Researching International Law
International law is now a ubiquitous course offering at law schools through- out the developed world. Even in relatively recent times this was not always the case, especially in common law jurisdictions. As recently as twenty years ago, many law schools in the Commonwealth and the United States did not even include international law in their curriculums. By contrast, there is now an increasing trend to make international law a compulsory component of the basic law degree. It is also now a mandatory course for entry to the legal pro- fession in a number of significant jurisdictions (for example, China and India).
The rise to prominence of international law in the legal academy has occurred in parallel with the rapid development of technologies which facili- tate international travel, communications, financial transfers and economic production and exchange. Furthermore the end of the Cold War following the implosion of Europe’s totalitarian regimes in 1989–91 created a political climate much more conducive to international contacts, exchanges and co- operation. These developments have in turn magnified the international importance of issues concerning migration, national and public security, human rights, trade, investment, environmental protection and a host of other matters. The world is undoubtedly now a more closely interconnected place than it was in 1980.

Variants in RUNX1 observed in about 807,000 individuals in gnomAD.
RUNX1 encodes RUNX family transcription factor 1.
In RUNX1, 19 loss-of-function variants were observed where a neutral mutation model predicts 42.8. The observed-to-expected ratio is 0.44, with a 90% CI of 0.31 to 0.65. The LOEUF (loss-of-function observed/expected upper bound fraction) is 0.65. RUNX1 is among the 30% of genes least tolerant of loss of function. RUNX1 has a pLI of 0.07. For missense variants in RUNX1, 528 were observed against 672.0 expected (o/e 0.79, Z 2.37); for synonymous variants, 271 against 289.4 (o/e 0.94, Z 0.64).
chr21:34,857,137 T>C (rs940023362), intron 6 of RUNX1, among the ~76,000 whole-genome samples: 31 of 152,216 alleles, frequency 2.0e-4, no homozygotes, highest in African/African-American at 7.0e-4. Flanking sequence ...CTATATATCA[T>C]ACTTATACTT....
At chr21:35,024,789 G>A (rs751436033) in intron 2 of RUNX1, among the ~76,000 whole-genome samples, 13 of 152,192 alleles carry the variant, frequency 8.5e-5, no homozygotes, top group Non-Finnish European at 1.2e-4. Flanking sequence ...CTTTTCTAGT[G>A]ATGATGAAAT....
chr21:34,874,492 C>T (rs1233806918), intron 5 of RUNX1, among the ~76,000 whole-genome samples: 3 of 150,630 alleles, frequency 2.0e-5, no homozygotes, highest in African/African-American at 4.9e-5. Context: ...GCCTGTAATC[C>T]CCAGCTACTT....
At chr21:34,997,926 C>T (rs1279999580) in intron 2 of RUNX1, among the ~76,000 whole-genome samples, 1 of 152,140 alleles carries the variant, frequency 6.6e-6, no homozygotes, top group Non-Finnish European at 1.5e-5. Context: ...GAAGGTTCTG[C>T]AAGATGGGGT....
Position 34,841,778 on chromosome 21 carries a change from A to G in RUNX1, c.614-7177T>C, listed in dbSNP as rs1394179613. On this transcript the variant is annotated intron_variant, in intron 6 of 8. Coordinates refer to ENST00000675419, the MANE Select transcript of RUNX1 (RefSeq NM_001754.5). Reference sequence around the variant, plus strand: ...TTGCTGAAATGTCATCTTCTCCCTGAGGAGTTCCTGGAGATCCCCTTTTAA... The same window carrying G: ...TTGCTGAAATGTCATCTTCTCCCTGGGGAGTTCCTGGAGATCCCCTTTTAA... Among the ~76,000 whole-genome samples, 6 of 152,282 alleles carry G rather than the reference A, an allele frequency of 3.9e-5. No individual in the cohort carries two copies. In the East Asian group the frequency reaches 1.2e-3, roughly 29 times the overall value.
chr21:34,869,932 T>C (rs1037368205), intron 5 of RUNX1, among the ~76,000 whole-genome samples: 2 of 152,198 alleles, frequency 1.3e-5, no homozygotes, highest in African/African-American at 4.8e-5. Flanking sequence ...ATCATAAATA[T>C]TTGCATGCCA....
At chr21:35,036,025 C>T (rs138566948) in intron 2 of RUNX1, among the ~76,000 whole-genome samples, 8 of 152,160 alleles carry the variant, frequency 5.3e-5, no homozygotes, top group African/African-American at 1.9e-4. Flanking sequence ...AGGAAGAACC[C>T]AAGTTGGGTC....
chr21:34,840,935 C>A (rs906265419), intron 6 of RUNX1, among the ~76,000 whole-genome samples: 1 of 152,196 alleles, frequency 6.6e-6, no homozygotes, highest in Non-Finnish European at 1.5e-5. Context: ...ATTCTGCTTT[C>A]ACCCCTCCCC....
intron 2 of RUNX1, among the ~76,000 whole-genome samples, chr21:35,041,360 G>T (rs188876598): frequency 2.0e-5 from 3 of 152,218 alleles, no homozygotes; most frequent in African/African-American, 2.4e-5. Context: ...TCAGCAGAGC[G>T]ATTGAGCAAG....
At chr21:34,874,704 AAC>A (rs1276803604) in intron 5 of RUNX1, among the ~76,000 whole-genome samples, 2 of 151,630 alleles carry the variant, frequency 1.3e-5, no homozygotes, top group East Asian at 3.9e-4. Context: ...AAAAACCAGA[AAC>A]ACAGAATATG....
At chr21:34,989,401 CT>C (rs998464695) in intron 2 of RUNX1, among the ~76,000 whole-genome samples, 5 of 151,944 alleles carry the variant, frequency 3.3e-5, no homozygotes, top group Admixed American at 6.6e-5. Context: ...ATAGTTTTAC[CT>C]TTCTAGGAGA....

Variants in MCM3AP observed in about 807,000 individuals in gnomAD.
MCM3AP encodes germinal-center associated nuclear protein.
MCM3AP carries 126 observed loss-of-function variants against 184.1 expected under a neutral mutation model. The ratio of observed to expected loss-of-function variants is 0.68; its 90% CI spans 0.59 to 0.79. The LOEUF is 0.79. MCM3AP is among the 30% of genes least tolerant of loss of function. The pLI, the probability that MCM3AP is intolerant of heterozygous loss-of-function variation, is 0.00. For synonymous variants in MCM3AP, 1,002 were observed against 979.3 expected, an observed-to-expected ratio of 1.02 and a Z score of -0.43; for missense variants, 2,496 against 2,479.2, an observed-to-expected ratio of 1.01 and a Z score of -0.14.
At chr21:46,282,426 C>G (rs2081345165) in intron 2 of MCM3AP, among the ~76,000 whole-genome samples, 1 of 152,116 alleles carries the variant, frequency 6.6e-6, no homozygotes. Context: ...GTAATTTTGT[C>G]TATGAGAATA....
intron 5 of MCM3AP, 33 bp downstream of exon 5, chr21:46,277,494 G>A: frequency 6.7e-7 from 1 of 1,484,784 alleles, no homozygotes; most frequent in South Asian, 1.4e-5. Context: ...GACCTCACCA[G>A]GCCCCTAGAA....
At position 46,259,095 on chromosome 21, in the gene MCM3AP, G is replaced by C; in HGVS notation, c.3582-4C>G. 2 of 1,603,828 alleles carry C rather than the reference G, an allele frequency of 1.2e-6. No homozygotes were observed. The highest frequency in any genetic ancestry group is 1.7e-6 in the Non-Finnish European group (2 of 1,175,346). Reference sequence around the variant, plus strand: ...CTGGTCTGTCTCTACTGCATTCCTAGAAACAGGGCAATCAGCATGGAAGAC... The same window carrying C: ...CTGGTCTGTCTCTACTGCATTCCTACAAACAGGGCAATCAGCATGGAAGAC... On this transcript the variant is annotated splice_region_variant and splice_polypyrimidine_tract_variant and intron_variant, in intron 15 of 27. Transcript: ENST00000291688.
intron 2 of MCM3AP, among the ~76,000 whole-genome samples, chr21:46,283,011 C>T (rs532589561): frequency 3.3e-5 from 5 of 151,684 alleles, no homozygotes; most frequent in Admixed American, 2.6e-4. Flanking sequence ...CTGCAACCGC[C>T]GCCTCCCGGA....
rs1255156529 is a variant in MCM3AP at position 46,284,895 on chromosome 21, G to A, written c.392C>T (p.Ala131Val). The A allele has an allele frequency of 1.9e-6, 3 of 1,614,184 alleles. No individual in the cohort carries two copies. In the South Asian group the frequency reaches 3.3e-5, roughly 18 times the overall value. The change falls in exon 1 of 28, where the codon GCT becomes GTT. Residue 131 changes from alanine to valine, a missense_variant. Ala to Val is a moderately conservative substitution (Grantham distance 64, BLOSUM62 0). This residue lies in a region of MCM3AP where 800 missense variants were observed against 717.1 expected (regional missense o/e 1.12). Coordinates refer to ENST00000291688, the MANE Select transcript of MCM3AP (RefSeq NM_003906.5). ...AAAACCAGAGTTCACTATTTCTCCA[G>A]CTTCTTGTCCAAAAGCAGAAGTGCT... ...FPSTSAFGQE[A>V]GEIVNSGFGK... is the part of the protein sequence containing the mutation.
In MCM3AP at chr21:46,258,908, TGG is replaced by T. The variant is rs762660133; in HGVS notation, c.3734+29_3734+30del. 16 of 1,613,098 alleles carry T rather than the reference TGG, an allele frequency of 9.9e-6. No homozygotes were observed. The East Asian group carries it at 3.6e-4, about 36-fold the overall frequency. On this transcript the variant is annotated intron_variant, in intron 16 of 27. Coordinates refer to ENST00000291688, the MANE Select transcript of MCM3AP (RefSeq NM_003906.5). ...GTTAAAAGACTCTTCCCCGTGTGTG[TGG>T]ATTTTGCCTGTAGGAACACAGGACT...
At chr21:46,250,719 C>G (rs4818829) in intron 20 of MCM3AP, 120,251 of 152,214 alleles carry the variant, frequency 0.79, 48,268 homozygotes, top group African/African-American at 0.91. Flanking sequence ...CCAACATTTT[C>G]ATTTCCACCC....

In considering options for research topics in international law, the prospec- tive research student is likely to be spoiled for choice. Because it regulates pri- marily relations among states, the material scope of international law is co-extensive with the whole spectrum of international relations. This can cover laws regulating activities as diverse as international mail delivery to nuclear disarmament. Indeed, the emergence of international human rights